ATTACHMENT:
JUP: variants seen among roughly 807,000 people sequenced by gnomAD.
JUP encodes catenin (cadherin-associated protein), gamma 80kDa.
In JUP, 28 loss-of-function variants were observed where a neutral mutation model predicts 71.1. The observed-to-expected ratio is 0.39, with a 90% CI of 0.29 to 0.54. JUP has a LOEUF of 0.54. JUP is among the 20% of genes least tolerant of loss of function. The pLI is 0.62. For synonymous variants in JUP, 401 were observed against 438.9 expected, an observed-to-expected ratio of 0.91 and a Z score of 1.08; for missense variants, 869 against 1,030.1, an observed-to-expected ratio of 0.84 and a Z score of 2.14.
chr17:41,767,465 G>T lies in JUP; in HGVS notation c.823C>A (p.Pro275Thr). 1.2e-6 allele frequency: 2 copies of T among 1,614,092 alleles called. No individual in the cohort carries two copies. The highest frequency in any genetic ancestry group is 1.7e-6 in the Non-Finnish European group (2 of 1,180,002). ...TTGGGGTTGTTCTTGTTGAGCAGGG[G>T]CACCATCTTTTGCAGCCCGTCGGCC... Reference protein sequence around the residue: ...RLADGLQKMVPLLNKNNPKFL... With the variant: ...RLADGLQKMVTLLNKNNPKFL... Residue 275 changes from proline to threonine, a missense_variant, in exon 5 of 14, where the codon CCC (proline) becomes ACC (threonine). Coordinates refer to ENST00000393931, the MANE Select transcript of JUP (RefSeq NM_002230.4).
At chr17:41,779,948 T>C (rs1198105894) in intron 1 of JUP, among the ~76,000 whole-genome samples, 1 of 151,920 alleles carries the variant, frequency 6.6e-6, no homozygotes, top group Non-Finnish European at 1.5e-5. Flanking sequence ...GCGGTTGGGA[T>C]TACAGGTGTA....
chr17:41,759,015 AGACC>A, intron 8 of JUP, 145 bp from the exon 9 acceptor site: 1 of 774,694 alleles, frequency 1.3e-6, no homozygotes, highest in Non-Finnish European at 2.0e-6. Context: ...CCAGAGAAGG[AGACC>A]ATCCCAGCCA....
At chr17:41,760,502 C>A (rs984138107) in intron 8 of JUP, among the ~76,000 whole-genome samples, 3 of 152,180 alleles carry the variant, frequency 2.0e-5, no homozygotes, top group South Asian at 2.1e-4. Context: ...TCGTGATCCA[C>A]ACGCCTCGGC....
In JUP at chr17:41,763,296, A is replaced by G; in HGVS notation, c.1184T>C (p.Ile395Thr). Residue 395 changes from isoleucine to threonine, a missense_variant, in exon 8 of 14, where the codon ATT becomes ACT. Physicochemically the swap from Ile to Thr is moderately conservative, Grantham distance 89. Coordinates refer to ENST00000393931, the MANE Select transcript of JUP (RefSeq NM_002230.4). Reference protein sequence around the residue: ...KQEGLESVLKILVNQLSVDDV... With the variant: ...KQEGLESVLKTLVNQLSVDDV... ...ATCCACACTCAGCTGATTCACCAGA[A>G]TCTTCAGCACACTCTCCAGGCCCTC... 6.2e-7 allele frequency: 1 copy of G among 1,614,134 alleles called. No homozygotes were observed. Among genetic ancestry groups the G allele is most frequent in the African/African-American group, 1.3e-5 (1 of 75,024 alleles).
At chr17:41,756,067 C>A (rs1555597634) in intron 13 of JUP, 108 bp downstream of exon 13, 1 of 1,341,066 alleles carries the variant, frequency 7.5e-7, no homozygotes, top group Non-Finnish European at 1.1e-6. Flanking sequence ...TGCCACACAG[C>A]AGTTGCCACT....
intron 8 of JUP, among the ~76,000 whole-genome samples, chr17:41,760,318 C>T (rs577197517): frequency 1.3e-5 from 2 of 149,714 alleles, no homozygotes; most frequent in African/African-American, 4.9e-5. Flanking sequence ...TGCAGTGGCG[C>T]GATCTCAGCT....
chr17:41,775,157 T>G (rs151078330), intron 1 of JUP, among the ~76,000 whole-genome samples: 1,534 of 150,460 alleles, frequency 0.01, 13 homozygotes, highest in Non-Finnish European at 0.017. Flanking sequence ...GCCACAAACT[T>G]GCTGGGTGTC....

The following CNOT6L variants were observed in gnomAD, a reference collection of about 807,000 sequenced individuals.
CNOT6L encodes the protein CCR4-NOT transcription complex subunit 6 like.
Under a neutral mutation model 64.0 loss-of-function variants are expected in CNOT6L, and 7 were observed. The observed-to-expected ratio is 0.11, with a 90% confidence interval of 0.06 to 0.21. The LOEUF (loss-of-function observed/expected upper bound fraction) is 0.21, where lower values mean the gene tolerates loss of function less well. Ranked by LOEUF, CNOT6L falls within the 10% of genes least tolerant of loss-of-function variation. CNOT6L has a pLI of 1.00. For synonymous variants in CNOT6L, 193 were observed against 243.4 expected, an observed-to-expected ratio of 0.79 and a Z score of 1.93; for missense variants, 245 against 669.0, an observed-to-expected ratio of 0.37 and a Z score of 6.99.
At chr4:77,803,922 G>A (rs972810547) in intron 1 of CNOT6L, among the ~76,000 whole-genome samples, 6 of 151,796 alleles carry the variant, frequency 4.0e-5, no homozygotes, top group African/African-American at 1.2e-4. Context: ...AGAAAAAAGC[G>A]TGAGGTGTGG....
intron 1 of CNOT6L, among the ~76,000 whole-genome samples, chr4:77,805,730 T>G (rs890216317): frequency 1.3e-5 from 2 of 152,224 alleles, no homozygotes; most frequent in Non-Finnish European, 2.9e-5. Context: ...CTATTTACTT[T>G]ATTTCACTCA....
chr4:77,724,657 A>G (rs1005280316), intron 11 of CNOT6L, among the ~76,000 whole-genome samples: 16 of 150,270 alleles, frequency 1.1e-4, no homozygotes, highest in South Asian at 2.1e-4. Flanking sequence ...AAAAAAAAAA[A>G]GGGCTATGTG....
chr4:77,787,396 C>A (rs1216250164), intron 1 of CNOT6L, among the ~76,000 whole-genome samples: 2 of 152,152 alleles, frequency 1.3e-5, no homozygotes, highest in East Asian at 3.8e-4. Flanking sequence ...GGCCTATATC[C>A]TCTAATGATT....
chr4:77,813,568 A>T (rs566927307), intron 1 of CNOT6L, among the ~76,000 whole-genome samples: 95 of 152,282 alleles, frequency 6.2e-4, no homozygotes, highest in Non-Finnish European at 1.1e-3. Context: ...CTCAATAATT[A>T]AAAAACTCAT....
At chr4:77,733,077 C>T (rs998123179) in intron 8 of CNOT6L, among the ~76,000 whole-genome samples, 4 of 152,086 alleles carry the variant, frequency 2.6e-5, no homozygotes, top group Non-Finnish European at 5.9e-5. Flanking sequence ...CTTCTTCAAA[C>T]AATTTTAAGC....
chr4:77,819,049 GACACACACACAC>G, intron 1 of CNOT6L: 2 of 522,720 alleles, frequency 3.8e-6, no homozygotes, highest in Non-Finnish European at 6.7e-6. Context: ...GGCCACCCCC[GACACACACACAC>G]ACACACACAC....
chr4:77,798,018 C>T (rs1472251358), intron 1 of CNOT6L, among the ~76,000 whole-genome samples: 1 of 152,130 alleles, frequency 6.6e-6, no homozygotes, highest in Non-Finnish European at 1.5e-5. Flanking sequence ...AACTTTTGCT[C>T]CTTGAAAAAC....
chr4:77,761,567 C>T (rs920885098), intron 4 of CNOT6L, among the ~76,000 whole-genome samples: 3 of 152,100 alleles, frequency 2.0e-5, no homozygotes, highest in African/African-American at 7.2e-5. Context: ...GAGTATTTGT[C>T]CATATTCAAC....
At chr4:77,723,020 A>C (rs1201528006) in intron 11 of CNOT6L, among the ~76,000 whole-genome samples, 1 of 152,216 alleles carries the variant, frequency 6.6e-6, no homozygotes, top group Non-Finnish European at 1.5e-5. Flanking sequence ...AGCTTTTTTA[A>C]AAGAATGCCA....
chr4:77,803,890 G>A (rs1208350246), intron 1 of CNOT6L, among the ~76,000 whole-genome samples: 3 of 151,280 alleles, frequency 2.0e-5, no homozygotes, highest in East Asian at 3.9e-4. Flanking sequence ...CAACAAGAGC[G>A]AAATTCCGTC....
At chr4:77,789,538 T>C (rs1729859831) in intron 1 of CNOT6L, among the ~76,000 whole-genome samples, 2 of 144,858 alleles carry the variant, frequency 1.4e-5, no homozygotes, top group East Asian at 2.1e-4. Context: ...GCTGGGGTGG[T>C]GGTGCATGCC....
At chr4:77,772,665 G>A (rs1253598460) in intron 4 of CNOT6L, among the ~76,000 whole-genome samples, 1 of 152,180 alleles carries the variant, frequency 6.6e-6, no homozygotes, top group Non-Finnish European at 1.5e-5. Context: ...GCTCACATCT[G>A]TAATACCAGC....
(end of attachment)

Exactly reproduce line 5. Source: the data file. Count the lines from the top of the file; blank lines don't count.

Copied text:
At chr17:41,779,948 T>C (rs1198105894) in intron 1 of JUP, among the ~76,000 whole-genome samples, 1 of 151,920 alleles carries the variant, frequency 6.6e-6, no homozygotes, top group Non-Finnish European at 1.5e-5. Flanking sequence ...GCGGTTGGGA[T>C]TACAGGTGTA....